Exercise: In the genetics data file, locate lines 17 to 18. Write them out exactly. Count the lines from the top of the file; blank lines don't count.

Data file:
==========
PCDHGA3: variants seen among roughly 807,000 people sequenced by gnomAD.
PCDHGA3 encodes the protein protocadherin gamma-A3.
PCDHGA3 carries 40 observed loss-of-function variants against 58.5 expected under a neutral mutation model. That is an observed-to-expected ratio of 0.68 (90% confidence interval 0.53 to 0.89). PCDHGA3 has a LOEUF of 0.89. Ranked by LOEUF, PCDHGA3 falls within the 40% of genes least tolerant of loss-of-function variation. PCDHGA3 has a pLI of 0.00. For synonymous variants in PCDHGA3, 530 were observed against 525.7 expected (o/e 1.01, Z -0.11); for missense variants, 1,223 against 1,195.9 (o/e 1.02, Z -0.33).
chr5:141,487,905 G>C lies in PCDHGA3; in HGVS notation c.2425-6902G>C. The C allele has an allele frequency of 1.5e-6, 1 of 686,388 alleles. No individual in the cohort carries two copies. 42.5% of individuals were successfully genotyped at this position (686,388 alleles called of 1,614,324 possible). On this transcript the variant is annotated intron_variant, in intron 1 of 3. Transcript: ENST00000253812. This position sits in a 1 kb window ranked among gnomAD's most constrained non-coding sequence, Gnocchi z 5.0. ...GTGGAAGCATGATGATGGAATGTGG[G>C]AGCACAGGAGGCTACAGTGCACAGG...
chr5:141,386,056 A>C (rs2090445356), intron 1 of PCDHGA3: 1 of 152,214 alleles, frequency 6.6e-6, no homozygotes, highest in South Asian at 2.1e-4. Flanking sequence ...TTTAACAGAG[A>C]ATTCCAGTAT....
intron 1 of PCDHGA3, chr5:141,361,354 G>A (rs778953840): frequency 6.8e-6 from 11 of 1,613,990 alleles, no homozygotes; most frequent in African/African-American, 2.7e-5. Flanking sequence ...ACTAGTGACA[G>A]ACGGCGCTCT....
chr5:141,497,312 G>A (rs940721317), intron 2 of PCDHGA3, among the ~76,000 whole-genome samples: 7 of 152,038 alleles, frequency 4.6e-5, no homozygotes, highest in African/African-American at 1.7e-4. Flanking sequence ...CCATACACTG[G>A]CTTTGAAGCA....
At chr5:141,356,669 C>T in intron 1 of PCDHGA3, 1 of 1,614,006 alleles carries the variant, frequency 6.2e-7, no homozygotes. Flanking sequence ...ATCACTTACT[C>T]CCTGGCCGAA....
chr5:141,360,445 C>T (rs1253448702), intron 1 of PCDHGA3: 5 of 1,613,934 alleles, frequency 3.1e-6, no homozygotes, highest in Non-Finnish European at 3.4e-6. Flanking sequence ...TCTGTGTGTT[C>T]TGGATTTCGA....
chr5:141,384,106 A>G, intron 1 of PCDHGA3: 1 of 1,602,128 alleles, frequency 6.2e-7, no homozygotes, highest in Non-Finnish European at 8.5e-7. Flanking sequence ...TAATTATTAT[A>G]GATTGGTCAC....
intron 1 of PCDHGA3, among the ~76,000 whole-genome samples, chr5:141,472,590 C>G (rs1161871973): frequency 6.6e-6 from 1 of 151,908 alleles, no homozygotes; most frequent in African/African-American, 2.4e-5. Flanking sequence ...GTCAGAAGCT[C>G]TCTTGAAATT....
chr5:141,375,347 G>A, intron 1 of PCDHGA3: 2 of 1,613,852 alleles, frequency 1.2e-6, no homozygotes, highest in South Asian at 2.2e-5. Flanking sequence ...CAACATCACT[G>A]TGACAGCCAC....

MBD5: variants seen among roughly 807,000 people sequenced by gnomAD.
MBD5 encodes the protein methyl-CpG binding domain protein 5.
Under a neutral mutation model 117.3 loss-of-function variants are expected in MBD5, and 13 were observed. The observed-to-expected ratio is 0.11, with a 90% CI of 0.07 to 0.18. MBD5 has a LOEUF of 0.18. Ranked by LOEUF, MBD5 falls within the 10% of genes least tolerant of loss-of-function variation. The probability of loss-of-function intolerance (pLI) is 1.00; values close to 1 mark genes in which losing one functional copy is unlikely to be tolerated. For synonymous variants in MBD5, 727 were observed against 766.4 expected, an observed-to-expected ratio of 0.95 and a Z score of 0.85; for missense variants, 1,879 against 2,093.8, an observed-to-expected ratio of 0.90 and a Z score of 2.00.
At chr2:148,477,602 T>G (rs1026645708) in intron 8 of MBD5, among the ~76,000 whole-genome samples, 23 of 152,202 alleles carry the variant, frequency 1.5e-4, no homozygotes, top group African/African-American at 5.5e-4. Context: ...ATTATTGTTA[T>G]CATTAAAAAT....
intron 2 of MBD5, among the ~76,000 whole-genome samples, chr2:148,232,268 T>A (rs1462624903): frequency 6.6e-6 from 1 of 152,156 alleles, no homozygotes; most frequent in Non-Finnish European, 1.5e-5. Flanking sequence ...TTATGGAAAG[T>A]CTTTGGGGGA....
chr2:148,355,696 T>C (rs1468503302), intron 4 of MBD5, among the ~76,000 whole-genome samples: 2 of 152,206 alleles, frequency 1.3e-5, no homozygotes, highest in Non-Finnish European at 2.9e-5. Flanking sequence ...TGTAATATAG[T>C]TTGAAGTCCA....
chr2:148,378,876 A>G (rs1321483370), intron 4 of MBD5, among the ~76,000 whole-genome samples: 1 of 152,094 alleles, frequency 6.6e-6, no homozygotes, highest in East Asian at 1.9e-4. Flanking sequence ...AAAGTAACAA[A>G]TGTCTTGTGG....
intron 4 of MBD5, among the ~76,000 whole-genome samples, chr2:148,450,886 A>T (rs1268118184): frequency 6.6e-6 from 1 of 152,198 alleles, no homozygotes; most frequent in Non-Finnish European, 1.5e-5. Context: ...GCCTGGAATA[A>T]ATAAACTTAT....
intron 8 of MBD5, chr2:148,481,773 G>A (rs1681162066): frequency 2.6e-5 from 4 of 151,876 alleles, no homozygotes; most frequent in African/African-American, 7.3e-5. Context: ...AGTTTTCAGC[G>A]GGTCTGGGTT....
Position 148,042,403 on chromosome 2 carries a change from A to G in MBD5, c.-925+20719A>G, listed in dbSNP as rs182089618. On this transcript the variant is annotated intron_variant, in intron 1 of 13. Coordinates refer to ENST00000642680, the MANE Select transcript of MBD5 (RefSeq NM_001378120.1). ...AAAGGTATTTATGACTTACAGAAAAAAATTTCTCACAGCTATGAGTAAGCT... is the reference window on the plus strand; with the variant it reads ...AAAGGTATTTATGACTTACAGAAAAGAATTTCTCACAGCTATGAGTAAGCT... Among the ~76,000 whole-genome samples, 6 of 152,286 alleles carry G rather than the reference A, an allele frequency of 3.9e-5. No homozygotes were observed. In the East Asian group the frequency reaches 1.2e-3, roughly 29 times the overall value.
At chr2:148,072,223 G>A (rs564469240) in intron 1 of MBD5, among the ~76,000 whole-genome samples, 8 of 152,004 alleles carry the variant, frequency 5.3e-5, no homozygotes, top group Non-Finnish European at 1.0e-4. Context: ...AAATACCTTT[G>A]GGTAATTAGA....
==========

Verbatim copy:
intron 2 of MBD5, among the ~76,000 whole-genome samples, chr2:148,232,268 T>A (rs1462624903): frequency 6.6e-6 from 1 of 152,156 alleles, no homozygotes; most frequent in Non-Finnish European, 1.5e-5. Flanking sequence ...TTATGGAAAG[T>A]CTTTGGGGGA....
chr2:148,355,696 T>C (rs1468503302), intron 4 of MBD5, among the ~76,000 whole-genome samples: 2 of 152,206 alleles, frequency 1.3e-5, no homozygotes, highest in Non-Finnish European at 2.9e-5. Flanking sequence ...TGTAATATAG[T>C]TTGAAGTCCA....